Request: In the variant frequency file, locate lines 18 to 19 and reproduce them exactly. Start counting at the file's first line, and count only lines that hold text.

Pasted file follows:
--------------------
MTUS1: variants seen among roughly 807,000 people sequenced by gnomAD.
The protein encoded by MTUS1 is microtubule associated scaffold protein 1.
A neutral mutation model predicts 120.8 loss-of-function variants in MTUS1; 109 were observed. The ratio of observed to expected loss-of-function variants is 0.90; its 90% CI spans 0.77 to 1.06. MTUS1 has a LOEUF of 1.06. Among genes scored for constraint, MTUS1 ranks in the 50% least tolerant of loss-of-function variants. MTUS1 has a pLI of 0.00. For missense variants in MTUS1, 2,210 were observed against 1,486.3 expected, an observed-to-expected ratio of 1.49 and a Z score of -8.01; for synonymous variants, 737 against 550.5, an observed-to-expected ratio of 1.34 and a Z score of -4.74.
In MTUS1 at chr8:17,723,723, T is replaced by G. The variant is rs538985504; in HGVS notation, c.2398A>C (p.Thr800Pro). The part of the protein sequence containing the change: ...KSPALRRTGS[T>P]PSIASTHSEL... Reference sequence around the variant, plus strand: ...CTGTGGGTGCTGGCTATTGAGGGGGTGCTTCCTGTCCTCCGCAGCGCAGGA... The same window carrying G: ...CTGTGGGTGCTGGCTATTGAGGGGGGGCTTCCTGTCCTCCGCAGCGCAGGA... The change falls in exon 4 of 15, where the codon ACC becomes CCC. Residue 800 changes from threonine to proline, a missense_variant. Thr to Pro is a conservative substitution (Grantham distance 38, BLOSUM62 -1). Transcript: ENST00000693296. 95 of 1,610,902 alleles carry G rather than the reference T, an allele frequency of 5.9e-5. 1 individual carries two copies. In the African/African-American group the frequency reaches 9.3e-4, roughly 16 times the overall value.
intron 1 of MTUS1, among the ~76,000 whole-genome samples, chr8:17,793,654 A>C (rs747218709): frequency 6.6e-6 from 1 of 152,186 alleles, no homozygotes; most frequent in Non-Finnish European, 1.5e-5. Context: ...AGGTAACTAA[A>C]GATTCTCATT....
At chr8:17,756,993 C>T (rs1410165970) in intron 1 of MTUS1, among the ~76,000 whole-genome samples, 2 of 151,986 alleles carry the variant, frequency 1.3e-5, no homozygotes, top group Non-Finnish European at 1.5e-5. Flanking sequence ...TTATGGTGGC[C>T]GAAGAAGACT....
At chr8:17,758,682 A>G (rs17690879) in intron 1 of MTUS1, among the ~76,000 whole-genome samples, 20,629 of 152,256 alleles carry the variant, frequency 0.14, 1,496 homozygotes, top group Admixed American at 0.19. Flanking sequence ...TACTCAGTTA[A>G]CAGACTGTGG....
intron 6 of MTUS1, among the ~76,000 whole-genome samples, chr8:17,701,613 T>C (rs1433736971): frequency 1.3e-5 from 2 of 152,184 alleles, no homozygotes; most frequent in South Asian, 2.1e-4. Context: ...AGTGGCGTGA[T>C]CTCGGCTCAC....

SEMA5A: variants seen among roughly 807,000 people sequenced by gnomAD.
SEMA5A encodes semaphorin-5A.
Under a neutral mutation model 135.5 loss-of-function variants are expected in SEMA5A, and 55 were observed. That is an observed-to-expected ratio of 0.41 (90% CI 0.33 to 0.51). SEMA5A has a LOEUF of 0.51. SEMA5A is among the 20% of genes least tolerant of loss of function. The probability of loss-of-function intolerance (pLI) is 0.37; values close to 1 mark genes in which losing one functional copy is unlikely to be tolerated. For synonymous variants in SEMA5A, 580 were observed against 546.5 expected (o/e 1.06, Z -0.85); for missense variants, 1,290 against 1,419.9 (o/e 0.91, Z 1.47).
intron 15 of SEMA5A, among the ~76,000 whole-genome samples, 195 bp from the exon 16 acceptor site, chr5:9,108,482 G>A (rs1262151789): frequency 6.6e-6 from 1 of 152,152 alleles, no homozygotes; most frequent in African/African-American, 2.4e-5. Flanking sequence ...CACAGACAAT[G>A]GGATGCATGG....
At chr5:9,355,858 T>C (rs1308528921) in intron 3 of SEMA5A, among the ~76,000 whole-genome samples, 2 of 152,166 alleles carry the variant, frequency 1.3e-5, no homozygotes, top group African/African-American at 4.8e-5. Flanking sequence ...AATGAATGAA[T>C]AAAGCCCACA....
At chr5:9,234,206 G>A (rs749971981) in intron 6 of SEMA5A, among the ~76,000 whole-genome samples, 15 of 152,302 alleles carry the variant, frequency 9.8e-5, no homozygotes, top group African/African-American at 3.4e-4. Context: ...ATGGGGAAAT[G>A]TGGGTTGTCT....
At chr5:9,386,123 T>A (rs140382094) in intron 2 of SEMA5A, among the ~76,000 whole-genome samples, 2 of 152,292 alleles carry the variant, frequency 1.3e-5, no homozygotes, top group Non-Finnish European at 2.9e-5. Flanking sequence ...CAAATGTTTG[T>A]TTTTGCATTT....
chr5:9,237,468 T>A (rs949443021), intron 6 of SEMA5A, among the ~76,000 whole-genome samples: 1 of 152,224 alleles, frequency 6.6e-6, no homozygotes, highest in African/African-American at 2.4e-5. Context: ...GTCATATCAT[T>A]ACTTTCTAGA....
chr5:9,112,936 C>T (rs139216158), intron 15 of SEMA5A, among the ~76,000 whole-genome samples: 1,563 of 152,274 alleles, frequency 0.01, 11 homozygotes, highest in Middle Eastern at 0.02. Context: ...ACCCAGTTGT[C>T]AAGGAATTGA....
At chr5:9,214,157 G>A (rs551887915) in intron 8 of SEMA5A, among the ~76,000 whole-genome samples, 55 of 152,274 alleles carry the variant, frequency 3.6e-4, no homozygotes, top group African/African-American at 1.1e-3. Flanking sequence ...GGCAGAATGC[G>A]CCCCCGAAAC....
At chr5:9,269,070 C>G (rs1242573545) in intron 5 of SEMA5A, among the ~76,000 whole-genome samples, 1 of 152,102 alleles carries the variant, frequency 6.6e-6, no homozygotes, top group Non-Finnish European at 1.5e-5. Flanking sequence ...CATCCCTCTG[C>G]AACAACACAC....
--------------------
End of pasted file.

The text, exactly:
At chr5:9,214,157 G>A (rs551887915) in intron 8 of SEMA5A, among the ~76,000 whole-genome samples, 55 of 152,274 alleles carry the variant, frequency 3.6e-4, no homozygotes, top group African/African-American at 1.1e-3. Flanking sequence ...GGCAGAATGC[G>A]CCCCCGAAAC....
At chr5:9,269,070 C>G (rs1242573545) in intron 5 of SEMA5A, among the ~76,000 whole-genome samples, 1 of 152,102 alleles carries the variant, frequency 6.6e-6, no homozygotes, top group Non-Finnish European at 1.5e-5. Flanking sequence ...CATCCCTCTG[C>G]AACAACACAC....